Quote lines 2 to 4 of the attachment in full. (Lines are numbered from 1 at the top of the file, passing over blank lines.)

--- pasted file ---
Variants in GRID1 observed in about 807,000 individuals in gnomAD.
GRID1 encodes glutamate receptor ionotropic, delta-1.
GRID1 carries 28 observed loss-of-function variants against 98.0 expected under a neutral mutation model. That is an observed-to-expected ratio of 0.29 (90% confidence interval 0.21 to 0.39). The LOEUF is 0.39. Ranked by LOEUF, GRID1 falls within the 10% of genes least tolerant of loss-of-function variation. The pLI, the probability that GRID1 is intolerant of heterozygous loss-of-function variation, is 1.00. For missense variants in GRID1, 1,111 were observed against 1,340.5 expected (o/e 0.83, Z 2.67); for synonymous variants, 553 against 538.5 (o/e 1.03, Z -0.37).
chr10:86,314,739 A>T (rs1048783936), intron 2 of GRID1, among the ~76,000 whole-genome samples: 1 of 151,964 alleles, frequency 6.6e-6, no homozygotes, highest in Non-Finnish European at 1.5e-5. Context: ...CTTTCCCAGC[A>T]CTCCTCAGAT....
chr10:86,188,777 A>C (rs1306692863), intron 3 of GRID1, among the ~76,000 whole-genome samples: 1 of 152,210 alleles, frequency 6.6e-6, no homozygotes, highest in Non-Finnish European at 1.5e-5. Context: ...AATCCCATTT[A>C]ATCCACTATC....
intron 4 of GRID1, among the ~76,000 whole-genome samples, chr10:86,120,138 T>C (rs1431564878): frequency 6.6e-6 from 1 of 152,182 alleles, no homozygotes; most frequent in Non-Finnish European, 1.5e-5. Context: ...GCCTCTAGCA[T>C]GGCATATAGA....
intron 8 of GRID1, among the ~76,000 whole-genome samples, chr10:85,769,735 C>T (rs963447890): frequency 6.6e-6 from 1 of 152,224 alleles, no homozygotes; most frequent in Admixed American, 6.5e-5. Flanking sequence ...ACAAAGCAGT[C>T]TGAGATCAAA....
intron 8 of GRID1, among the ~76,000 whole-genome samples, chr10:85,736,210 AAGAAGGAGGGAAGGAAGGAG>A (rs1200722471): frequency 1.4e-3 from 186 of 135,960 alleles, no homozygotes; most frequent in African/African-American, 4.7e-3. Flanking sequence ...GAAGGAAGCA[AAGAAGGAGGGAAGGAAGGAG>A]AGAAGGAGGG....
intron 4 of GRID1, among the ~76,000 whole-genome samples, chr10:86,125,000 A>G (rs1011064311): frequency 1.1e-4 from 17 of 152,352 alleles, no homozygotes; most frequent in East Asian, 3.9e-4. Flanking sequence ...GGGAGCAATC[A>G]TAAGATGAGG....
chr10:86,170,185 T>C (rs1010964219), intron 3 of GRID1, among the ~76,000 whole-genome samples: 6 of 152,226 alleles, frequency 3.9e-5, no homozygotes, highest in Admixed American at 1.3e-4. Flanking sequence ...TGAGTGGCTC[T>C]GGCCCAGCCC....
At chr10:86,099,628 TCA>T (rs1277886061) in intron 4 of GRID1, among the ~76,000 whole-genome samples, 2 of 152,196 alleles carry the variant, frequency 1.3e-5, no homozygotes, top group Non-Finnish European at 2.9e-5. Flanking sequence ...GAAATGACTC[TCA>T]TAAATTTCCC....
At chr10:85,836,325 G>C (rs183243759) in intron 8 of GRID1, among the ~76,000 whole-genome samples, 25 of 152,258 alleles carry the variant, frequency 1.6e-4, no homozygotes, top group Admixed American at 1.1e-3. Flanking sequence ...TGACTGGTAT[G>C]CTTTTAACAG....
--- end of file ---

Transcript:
GRID1 encodes glutamate receptor ionotropic, delta-1.
GRID1 carries 28 observed loss-of-function variants against 98.0 expected under a neutral mutation model. That is an observed-to-expected ratio of 0.29 (90% confidence interval 0.21 to 0.39). The LOEUF is 0.39. Ranked by LOEUF, GRID1 falls within the 10% of genes least tolerant of loss-of-function variation. The pLI, the probability that GRID1 is intolerant of heterozygous loss-of-function variation, is 1.00. For missense variants in GRID1, 1,111 were observed against 1,340.5 expected (o/e 0.83, Z 2.67); for synonymous variants, 553 against 538.5 (o/e 1.03, Z -0.37).
chr10:86,314,739 A>T (rs1048783936), intron 2 of GRID1, among the ~76,000 whole-genome samples: 1 of 151,964 alleles, frequency 6.6e-6, no homozygotes, highest in Non-Finnish European at 1.5e-5. Context: ...CTTTCCCAGC[A>T]CTCCTCAGAT....